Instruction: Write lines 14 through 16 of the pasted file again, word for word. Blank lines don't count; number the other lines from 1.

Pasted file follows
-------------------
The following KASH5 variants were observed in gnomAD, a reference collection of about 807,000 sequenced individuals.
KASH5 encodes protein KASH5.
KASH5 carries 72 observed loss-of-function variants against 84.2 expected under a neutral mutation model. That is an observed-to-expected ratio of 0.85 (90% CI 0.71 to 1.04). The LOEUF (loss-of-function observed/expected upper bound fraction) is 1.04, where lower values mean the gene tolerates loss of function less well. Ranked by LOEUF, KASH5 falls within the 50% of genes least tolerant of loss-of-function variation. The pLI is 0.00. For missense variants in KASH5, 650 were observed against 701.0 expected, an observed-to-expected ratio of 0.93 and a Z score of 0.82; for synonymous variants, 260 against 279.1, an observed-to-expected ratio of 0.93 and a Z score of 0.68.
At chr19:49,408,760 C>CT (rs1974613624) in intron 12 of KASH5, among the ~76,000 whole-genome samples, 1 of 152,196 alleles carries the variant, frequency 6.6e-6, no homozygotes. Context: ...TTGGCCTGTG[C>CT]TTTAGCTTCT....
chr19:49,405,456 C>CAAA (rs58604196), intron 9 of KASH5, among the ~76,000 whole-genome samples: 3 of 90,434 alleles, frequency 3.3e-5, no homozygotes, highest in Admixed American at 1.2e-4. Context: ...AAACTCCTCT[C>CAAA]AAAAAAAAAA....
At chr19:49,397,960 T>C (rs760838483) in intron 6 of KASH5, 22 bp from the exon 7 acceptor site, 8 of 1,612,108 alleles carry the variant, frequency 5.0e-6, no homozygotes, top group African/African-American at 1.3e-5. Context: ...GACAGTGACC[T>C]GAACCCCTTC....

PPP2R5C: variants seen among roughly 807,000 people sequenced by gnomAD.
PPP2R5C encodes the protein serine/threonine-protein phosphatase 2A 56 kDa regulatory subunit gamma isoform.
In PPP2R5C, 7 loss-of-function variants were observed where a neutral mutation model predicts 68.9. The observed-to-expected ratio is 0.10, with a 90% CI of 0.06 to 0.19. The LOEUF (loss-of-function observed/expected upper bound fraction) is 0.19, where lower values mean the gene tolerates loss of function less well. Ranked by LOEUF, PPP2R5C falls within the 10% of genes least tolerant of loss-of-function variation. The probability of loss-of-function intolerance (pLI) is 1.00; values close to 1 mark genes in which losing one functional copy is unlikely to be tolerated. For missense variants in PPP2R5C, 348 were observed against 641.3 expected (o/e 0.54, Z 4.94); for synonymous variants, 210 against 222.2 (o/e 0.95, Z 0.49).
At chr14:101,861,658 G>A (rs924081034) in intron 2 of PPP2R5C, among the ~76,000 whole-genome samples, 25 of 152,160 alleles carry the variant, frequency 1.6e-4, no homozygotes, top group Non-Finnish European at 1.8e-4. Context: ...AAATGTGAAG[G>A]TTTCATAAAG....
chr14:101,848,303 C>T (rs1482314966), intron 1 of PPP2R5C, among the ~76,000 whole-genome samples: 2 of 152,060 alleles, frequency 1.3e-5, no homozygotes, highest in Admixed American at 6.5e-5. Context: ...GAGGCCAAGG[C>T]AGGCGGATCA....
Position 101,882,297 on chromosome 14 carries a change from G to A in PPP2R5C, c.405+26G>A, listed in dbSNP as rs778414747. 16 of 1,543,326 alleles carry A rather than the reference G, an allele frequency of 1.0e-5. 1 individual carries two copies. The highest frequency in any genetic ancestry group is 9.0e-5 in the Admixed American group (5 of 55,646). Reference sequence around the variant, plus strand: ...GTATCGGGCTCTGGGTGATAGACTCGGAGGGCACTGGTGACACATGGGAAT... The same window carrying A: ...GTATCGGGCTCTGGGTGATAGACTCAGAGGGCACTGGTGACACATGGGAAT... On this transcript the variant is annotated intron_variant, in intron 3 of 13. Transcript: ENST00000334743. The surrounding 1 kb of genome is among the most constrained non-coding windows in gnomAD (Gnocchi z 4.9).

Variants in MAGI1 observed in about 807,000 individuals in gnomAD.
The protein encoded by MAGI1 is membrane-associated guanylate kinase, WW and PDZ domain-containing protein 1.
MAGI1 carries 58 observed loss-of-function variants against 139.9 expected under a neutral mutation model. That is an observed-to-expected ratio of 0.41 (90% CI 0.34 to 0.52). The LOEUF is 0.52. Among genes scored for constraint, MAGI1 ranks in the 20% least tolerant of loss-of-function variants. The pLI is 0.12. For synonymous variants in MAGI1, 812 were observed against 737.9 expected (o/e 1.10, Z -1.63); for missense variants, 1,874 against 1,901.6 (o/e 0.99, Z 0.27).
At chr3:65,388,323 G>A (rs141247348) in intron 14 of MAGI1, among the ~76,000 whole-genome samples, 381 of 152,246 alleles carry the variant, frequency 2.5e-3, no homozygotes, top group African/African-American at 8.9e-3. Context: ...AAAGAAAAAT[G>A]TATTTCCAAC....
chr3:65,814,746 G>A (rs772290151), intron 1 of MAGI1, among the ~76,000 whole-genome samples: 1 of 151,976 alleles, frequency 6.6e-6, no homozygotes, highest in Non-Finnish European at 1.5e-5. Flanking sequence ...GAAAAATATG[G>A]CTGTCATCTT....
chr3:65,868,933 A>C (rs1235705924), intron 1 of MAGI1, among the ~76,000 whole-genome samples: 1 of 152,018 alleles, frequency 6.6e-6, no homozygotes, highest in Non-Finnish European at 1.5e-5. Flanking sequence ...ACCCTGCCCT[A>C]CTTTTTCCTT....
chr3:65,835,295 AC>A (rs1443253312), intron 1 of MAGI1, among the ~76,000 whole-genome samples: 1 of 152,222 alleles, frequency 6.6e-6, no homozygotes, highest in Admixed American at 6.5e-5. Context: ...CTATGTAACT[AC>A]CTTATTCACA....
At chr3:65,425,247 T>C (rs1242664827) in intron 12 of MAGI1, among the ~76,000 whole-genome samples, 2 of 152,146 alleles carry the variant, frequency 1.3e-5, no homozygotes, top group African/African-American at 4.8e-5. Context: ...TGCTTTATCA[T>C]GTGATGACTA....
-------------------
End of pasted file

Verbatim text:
The protein encoded by MAGI1 is membrane-associated guanylate kinase, WW and PDZ domain-containing protein 1.
MAGI1 carries 58 observed loss-of-function variants against 139.9 expected under a neutral mutation model. That is an observed-to-expected ratio of 0.41 (90% CI 0.34 to 0.52). The LOEUF is 0.52. Among genes scored for constraint, MAGI1 ranks in the 20% least tolerant of loss-of-function variants. The pLI is 0.12. For synonymous variants in MAGI1, 812 were observed against 737.9 expected (o/e 1.10, Z -1.63); for missense variants, 1,874 against 1,901.6 (o/e 0.99, Z 0.27).
At chr3:65,388,323 G>A (rs141247348) in intron 14 of MAGI1, among the ~76,000 whole-genome samples, 381 of 152,246 alleles carry the variant, frequency 2.5e-3, no homozygotes, top group African/African-American at 8.9e-3. Context: ...AAAGAAAAAT[G>A]TATTTCCAAC....